* are concerned about the situation in Fiji and Solomon Islands; * deplore the use of force to bring about change in governments; * want the immediate release of hostages; * want restoration to constitutional democracy and an immediate return to normality; * support the efforts of the Leaders and peoples of Fiji and Solomon Islands to resolve the crisis through close cooperation and consultation; * ask the international community to respond in ways that do not unnecessarily penalize innocent victims, including some other Forum Island Countries that use Fiji and Solomon Islands as transshipment ports.

12. Underlining these views is the strong desire by Forum members to provide support to local authorities efforts to return to democratic government and normalcy but to essentially leave it to Fiji and Solomon Islands to resolve their crises.

13. The Forum Economic Ministers Meeting in July in Niue was the first opportunity at the political level for the region to formally discuss the crises in Fiji and Solomon Islands in detail. The Ministers decided against the background of statements by Forum Governments expressing grave concern at unlawful armed actions in Fiji and Solomon Islands and in reviewing the economic impact of the political crisis within those countries, which would be discussed by the Forum, aiming to support an early resolution to the problem in Fiji within a constitutional framework, and to support the efforts of the Solomon Islands Government to restore law and order and revive its economy.

14. From 10-11 August, the Forum Foreign Ministers met in Apia to address the current regional security environment against the background of expressions of grave concern about the national impacts and regional consequences of the unlawful armed actions in Fiji and Solomon Islands against democratically elected governments.

15. After considering the appropriate role and response of the Forum in such crisis situations, Foreign Ministers agreed that it would be desirable to augment the 1997 Aitutaki Declaration by the adoption of certain principles and agreed mechanisms which would come into effect in the event of a breach of these principles in a Forum member country. Accordingly they decided to recommend to the Pacific Island Forum meeting in Tarawa that Leaders commit themselves and their countries to a number of fundamental principles and courses of action including the following:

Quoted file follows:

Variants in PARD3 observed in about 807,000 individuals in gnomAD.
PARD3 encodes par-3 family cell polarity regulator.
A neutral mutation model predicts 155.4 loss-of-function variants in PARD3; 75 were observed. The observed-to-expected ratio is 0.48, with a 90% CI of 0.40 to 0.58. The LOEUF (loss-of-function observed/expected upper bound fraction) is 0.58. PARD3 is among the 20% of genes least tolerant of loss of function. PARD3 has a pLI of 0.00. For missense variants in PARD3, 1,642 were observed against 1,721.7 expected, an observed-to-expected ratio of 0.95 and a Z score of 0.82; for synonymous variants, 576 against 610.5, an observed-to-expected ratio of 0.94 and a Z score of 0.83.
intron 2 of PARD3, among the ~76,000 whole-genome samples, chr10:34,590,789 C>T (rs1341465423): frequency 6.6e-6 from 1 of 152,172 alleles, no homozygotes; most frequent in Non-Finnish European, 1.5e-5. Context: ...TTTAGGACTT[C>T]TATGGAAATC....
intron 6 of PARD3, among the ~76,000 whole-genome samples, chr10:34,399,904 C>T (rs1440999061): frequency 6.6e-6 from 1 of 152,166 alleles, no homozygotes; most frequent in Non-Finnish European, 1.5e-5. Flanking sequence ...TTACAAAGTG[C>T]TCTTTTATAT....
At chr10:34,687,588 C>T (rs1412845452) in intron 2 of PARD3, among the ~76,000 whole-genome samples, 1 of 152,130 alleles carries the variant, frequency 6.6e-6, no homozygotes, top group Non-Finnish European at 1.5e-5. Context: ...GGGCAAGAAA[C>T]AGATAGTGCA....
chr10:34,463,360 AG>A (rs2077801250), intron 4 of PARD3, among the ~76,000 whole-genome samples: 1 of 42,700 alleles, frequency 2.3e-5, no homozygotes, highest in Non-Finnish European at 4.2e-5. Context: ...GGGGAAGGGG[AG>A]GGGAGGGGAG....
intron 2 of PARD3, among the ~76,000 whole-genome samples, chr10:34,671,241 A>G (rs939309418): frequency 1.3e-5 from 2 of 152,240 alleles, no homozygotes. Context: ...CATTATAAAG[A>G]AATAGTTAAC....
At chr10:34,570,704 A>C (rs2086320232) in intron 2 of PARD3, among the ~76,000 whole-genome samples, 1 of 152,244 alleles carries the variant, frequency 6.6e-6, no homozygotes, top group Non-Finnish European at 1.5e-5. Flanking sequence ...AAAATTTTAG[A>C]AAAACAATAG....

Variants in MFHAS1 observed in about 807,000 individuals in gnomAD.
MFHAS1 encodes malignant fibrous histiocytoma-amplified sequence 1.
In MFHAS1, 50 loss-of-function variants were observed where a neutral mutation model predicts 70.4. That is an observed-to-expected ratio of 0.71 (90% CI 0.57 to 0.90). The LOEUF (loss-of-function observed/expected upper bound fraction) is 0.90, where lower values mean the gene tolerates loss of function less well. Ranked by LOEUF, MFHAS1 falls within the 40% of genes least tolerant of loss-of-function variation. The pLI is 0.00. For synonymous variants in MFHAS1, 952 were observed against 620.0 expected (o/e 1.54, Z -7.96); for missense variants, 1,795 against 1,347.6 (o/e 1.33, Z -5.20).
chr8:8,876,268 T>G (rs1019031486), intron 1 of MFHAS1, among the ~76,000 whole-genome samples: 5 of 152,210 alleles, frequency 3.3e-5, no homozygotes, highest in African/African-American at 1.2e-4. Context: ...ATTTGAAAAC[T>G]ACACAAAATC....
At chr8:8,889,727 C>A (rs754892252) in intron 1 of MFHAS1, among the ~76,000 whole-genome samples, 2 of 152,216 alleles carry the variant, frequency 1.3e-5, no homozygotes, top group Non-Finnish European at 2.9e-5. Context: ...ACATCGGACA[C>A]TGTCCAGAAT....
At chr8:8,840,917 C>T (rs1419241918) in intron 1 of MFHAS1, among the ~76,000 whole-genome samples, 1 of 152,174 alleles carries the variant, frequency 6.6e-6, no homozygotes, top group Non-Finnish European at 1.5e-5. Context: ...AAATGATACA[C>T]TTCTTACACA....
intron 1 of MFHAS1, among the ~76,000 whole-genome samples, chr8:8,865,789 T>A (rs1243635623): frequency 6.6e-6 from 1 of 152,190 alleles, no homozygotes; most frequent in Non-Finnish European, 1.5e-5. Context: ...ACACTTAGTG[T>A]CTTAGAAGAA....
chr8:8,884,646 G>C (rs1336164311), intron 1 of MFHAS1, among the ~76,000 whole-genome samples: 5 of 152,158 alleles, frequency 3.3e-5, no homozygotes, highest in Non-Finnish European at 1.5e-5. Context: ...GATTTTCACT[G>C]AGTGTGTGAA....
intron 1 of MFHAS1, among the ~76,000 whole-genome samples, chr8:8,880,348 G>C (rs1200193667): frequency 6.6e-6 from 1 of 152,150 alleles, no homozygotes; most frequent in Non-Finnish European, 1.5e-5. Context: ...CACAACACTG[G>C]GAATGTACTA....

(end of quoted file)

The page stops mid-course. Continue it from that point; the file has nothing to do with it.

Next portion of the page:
* Belief in the liberty of the individual under the law, in equal rights for all citizens regardless of gender, race, color, creed or political belief and in the individual's inalienable right to participate by means of free and democratic political process in framing the society in which he or she lives; * Upholding democratic processes and institutions which reflect national and local circumstances, including the peaceful transfer of power, the rule of law and the independence of the judiciary, just and honest government; * Recognizing the importance and urgency of equitable economic, social and cultural development to satisfy the basic needs and aspirations of the peoples of the Forum.

16. In response to members' request for assistance or in times of crisis where these principles have been violated the Secretary General should urgently initiate agreed processes leading to consultations among Foreign Ministers.

17. Foreign Ministers would consider a range of options to assist in the resolution of future crises.

These options would include:

* A statement representing the views of members on the situation; * Creation of a Ministerial Action group; * A fact-finding or similar mission; * Convening an eminent persons group; * Third party mediation; * Support for appropriate institutions or mechanisms that would assist a resolution; * Adoption of targeted sanctions.

18. Ministers established a working group, made up of Suva-based Forum officials as core members, to develop these principles and options for consideration by Leaders in Kiribati.

19. The South Pacific Forum, unlike similar organizations in other parts of the world representing small island societies who have crumbled under outside influence and patronage, has remained steadfastly an organization reflecting the true flavor of the Pacific region as defined in islands lifestyles and islands traditions. Its strength lies in its consensus decision-making philosophy and its non-interference in members' internal domestic affairs principle. Any attempt to change this basic fundamental foundation of the organization would render it incompetent and ineffective in the future.

20. Finally, let me finish by restating that the recent events in Fiji and the Solomon Islands are another example of the way in which the Forum seeks to work on behalf of its members - through constructive dialogue, through a spirit of cooperation, and out of a genuine concern for the long-term welfare of Forum member states. This approach has served the region well over the years, as our members address the social, political and economic challenges facing their communities. We all have a common goal in advancing the interests, well being and good governance of the people and member countries of the Pacific.

For additional information, contact: Ulafala Aiavao at UlafalaA@forumsec.org.fj